Truth in Advertising
September 24, 2001
There aren’t many roadside attractions left in America these days. The
ones that remain – “See the Largest, most Terrifying, Caverns in the
Country!!” – charge you twelve bucks to see what usually turns out to be a
huge disappointment. Call me crazy, but I thought there was a mutual
agreement between the owners of these so-called “Eighth Wonders of the
World” and automobile drivers. We’ll stop driving and pretend to marvel at
your roadside attractions if you promise not to charge more than fifty
cents, which is approximately what a look at a miniature village is really
worth. So, unless you’re willing to break the bank, there isn’t much to look
at on the road but the scenery, which is usually a good thing.
View of Kansas from Route 50
Brian and I were heading west, in a race to see the National Parks
before the winter weather forced the rangers to close roads to the public.
For our route we chose “The Loneliest Road in America”, Route 50, which runs
clear across the country. We chose a section of this historic highway and
drove west, across the entire state of Kansas. When I say the entire state
of Kansas, I want you all to understand that we started in Missouri, ended
in Colorado and drove all 500 miles of Kansas that lie in between. Simply
put, it was a very long drive and everything that anyone has ever told you
about Kansas being flat is true.
The first couple of hundred miles were enjoyable. We had hit the open
road on a sunny day and with a speed limit of 70 (but not a cop in sight to
enforce it and even if there was we could spot another car at least thirty
five miles in the distance, which is ample time to slow down). For the
first time we felt like we were on a road trip; our only task for the day
was just to drive west. The yellow Kansas farms and plains went whizzing by
our windows and for hours the contrast between the bright blue sky and the
never-ending earth struck us as beautiful. We were amazed by just how much
land there was – houses were set twenty miles apart and driveways were so
long we couldn’t see the houses they led up to. Could this be the same
country that spawned Northern New Jersey, an area as densely populated as
Japan? The cows and horses (and even a few llamas and buffalo) spotting the
countryside gave us something to look for along the way. I can recommend
the first few hundred miles of Kansas with confidence.
Since we had started in Missouri that morning we didn’t make it across
Kansas in a single day but instead decided to find lodging in Dodge City,
the town famous for Wyatt Earp and Bat Masterson, show-downs and
shoot-em-ups. We knew it was a gigantic tourist trap but we thought it
would be a kick to stay in Dodge anyway. Let me now say that the phrase
“Get yourself out of Dodge” still hold true today. The closest thing to a
cowboy in that town are the fleets of tour bus geriatrics that will split
your head trying to get in front of you at Econo-Lodge’s registration desk.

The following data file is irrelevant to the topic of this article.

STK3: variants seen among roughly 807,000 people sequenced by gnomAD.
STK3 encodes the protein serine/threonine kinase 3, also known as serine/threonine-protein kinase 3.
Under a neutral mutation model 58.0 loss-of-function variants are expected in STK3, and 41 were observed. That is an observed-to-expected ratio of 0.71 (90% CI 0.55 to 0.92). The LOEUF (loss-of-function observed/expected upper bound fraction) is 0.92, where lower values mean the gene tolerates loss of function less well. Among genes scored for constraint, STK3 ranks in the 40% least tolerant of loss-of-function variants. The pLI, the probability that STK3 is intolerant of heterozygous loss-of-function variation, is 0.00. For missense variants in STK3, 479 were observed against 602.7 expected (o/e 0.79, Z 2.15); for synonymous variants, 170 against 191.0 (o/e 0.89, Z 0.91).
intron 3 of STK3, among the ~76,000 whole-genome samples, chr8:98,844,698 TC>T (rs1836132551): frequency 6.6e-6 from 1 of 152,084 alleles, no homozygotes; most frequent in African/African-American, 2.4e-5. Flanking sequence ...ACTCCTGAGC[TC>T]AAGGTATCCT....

Sure, there’s the recreated Front Street, where actors pretend to shoot at
each other twice daily and the new “Boot Hill” cemetery conveniently relocated
so that the original site could be used for an office building, but if
you’re looking for anything other than a lot of cheap souvenirs you’ve got
the wrong town.
We fled Dodge early the next day to finish out our drive across
Kansas. A few miles west of town there are wagon ruts from pioneers who
traveled the Santa Fe Trail. This was by far the highlight of Kansas and it
was the only thing that made the next hundred miles bearable. We had
entered the smelliest place on Earth (and may I remind you I’m from New
Jersey). The rest of Kansas was just as flat and the sky just as blue but
instead of encountering happy cows romping to and fro across open fields we
hit slaughter country. The stench of manure and blood resembled the scent
of a tremendous diaper and the the muddy hills were blanketed by pens of
miserable cows lumped on top of each other. I rarely eat meat as it is, but
I swear I’ll never touch beef again after this drive, which I hear is a
common response to seeing this sort of thing.
It smelled, it was depressing, and it was still flat but it was all
worth it because then we crossed into Colorado (which is still flat the
first hundred miles or so) and began to see the outline of the Rockies.
After 500 miles of flat, empty land, the sight of this incredible mountain
range will suck the air right out of your lungs. And in the end Kansas held
up its end of the bargain. Unlike the false advertising strung out on
billboards along the highway, the hype was finally true: Kansas and Route 50
really do make up the “Loneliest Road in America”.
There are no hostels in this state so if you’re looking for a deal I’d suggest camping. You can also use “Traveler’s Discounts” (see Memphis) for reduced hotel rates. As far seeing the sights: skip Dodge but stop for the Santa Fe Trail and as for the rest, it’s your call.